Frugal travels

A reader from Palmerston North is planning a 4-month overseas walking holiday and is asking the oily rag community for money-saving travelling tips. If you have any suggestions, let us know and we will pass them on. But as a start, we thought we would catch up on the latest travel market innovations.

Things have come a long way for Airbnb, which started out with a couple of guys renting out airbeds in their lounge – and providing breakfasts. Now it’s used as a listing and booking platform for private individuals with a room to spare. It essentially caters for the market between hotels and couch surfing (but more on that shortly) where you get to stay with hosts.

For the frugally minded, it is a good way to reduce your travel accommodation costs while at the same time getting to know the locals – and seeing how good they are at making breakfast! For those with spare room, it’s a great way to earn a bit of extra cash. Airbnb makes its dosh (and it’s a big business nowadays) by charging the guest anywhere between 6% and 12% and the host 3%.

For those who would prefer to stay in hotels, there are any number of websites with deals. Have a look at – it does not even need to be a last minute booking to get a deal; you can book weeks in advance. Trivago is another to look at. It uses what’s known as a metasearch engine to scan other search engines for the best deals, although the day we looked it was actually cheaper to book a hotel from the hotel’s website directly.

For those at the bargain basement end, there is always couch surfing – which is free. There are literally thousands of couches available – including in New Zealand! It works a bit like a social networking site. You put up your profile, say you have a couch available, and people make contact and sleep on your couch when they are passing through on their travels. And, of course, you can use any one of the members’ couches when you are cruising around overseas. Have a look at Interesting idea but crashing on someone’s couch (or having someone crash on yours) is obviously not for everyone!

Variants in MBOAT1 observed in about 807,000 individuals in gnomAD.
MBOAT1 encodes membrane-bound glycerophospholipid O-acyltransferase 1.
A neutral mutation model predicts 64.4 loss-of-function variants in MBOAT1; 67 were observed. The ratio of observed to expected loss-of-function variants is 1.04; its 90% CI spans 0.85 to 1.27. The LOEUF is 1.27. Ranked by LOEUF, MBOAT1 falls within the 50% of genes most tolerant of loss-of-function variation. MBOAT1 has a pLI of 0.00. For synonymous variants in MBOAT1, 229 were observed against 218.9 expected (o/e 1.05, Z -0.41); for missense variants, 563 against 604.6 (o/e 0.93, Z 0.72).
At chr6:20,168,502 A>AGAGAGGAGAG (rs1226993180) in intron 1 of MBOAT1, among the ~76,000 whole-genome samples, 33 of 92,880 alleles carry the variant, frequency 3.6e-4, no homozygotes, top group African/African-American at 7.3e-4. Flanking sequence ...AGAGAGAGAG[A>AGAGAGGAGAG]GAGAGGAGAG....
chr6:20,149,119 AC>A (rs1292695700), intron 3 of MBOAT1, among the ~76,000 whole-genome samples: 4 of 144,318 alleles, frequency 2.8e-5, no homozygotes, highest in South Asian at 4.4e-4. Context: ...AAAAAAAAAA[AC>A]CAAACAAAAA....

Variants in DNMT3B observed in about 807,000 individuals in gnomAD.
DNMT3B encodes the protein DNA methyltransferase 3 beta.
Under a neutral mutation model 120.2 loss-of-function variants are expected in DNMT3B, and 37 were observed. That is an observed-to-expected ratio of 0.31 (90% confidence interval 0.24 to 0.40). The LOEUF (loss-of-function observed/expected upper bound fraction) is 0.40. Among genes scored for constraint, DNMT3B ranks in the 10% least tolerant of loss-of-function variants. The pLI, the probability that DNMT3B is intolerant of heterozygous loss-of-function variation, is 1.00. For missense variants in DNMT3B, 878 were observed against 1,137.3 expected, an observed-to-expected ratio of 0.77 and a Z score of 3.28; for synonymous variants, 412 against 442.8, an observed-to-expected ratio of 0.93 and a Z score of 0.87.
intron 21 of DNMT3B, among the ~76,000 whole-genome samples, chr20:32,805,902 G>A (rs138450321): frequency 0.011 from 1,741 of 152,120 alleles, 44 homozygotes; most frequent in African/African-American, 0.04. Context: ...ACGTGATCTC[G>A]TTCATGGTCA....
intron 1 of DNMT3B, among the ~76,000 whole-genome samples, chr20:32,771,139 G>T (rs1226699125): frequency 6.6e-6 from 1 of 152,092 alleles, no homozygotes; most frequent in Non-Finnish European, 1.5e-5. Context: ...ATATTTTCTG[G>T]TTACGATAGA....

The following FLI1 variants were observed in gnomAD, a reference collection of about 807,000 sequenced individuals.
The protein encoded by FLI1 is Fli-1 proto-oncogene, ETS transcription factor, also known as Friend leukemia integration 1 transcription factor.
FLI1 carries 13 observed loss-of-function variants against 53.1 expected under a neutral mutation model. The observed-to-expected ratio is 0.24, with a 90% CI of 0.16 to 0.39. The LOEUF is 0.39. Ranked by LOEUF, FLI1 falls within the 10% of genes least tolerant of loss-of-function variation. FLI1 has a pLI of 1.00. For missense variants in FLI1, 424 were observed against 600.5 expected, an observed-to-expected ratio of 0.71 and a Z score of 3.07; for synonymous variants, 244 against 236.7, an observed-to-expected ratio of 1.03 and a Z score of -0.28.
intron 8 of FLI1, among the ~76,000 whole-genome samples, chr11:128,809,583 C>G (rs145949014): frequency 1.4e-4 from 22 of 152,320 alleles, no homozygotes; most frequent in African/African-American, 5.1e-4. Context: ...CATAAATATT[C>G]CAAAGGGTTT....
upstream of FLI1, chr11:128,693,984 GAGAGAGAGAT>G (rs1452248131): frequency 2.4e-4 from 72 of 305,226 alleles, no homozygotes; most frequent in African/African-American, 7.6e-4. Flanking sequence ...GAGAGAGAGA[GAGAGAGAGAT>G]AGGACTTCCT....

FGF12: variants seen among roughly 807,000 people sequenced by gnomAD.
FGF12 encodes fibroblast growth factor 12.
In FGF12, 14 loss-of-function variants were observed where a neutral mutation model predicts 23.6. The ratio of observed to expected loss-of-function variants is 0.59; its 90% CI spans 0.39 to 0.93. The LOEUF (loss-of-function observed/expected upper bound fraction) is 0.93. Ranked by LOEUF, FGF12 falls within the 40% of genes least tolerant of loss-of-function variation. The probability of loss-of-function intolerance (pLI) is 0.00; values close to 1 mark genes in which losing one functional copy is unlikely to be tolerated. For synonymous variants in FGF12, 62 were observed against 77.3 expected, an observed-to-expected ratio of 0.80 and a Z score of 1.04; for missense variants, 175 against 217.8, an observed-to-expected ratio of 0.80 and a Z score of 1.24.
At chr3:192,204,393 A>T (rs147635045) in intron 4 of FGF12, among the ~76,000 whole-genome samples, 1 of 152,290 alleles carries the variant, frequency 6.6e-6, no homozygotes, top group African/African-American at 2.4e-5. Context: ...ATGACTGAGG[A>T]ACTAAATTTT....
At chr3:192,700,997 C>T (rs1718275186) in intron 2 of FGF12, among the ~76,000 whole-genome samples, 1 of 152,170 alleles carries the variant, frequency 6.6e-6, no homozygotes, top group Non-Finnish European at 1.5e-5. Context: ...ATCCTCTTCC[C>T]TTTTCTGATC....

There are other ways to save money on accommodation when travelling. House swapping makes use of your home while you are away, while you are using someone else’s! For those travelling within New Zealand, have a look at In some cases there is even a car available – how good is that!

Or what about a holiday abroad? There are lots of sites that match house swappers and some add flexibility by having a points system – they are either earned by allowing people to stay in your home, or spent by staying in another person’s home (like a barter exchange).

One reader writes, “If you swap with family members then you don’t have to advertise and you should know whether your place will be looked after or not.”

On the getting around on your travels front, Uber is shaking up the taxi industry and putting price pressure on fares. It’s also creating opportunities for vehicle owners to turn their car, which is typically a liability, into a source of revenue.

P.L. from Auckland writes, “It’s possible to cut travel costs and enjoy driving free rental cars and camper vans in New Zealand by checking out the online transfer deals. Most of the time drivers also receive a free tank of petrol! How does this work? Rental car companies need to reposition their fleet for new hires and usually spend large amounts of money to do this, using trucks for transportation. Having a free driver return the car to its home base is a win-win – for the traveller and the rental company. It works well when combined with a cheap one-way flight.” Have a look at The day we looked there were free cars available between Whangarei and Auckland, and a 2-berth campervan between Auckland and Christchurch – now wouldn’t that be a cool holiday. The terms are like a vehicle hire, except the daily hire rate is nil.

There you go – there are loads of ways to have a holiday away, without high cost.